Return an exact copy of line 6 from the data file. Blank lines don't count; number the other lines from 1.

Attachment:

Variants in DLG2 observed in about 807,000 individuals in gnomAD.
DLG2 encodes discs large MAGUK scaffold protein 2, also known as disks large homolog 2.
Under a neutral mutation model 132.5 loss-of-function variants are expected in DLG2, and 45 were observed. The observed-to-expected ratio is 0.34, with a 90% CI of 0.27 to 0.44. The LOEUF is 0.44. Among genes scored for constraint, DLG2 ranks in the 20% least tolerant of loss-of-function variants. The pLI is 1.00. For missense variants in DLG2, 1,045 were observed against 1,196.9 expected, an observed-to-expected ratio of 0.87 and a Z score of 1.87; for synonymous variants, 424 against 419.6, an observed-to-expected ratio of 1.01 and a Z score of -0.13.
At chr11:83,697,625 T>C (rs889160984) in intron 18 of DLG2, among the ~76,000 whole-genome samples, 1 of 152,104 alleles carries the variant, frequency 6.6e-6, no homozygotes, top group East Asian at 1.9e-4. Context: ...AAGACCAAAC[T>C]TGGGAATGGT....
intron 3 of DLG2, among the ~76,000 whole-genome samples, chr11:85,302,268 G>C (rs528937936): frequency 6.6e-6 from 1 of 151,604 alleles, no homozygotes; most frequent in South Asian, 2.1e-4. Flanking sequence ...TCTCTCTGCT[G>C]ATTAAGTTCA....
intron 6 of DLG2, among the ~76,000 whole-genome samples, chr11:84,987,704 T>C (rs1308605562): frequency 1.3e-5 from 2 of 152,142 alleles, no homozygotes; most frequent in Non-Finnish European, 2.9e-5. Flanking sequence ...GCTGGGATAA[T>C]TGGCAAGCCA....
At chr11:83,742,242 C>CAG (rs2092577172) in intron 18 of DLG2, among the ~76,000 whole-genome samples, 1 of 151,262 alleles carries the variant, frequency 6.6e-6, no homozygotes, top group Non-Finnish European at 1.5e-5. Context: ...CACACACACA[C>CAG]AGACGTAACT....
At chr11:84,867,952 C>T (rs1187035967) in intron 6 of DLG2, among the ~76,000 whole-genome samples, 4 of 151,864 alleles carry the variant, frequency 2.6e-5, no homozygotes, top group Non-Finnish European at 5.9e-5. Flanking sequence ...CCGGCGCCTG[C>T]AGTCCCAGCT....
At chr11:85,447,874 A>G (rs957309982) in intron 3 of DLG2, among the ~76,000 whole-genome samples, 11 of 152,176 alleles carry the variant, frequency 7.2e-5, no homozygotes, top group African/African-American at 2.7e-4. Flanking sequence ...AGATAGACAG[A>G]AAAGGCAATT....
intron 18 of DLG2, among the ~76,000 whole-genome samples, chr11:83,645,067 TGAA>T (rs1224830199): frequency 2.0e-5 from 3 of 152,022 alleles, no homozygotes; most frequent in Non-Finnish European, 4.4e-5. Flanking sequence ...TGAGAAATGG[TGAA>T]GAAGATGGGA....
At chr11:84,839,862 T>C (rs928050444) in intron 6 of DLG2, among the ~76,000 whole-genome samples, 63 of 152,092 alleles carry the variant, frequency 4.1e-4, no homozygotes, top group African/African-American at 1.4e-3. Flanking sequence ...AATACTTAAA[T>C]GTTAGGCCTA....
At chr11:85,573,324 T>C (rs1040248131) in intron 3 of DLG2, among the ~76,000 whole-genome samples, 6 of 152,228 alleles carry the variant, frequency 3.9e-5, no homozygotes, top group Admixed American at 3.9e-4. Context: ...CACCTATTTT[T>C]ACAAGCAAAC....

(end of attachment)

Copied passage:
intron 6 of DLG2, among the ~76,000 whole-genome samples, chr11:84,987,704 T>C (rs1308605562): frequency 1.3e-5 from 2 of 152,142 alleles, no homozygotes; most frequent in Non-Finnish European, 2.9e-5. Flanking sequence ...GCTGGGATAA[T>C]TGGCAAGCCA....